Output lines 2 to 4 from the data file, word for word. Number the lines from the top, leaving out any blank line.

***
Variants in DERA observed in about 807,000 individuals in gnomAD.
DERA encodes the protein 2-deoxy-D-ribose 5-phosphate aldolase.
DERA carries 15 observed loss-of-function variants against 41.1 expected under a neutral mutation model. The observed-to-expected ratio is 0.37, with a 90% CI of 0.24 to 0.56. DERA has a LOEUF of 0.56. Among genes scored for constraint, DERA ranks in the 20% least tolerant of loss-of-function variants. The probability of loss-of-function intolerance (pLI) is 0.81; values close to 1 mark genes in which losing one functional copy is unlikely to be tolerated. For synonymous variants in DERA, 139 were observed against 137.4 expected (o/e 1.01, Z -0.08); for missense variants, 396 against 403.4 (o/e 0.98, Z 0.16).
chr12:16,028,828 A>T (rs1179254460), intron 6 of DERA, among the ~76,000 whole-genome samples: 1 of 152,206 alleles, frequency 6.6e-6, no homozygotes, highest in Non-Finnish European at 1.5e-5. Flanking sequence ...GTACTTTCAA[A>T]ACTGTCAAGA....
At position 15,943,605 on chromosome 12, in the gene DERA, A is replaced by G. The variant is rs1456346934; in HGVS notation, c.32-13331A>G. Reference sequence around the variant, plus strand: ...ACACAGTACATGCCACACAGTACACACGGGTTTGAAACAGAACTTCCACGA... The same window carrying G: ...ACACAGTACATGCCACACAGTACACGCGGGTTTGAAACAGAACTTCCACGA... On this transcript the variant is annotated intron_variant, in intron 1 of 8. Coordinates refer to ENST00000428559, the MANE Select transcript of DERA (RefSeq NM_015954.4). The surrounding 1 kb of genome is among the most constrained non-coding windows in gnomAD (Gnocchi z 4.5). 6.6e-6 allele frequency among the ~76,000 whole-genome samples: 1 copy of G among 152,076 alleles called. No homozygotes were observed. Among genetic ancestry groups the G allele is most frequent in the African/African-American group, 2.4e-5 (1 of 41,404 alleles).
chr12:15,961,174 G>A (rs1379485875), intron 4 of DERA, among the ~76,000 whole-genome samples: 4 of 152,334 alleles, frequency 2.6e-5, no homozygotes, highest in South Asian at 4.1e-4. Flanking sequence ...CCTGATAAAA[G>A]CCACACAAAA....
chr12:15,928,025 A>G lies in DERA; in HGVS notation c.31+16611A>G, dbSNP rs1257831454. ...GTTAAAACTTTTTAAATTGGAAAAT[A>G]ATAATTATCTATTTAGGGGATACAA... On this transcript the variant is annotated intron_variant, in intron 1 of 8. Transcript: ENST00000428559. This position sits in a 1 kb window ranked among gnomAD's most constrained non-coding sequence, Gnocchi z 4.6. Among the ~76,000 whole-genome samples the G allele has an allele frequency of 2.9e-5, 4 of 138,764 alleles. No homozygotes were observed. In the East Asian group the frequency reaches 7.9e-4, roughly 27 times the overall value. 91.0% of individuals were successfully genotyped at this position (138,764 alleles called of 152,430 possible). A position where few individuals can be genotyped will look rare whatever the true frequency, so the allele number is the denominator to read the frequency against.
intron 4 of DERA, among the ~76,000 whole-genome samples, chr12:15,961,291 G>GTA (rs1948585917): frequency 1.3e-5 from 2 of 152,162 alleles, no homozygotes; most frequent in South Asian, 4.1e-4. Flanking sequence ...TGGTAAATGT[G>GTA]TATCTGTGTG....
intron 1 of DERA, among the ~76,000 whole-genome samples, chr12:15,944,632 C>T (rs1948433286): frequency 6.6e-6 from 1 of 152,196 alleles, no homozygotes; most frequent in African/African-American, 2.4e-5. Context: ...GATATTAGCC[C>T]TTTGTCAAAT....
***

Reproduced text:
DERA encodes the protein 2-deoxy-D-ribose 5-phosphate aldolase.
DERA carries 15 observed loss-of-function variants against 41.1 expected under a neutral mutation model. The observed-to-expected ratio is 0.37, with a 90% CI of 0.24 to 0.56. DERA has a LOEUF of 0.56. Among genes scored for constraint, DERA ranks in the 20% least tolerant of loss-of-function variants. The probability of loss-of-function intolerance (pLI) is 0.81; values close to 1 mark genes in which losing one functional copy is unlikely to be tolerated. For synonymous variants in DERA, 139 were observed against 137.4 expected (o/e 1.01, Z -0.08); for missense variants, 396 against 403.4 (o/e 0.98, Z 0.16).
chr12:16,028,828 A>T (rs1179254460), intron 6 of DERA, among the ~76,000 whole-genome samples: 1 of 152,206 alleles, frequency 6.6e-6, no homozygotes, highest in Non-Finnish European at 1.5e-5. Flanking sequence ...GTACTTTCAA[A>T]ACTGTCAAGA....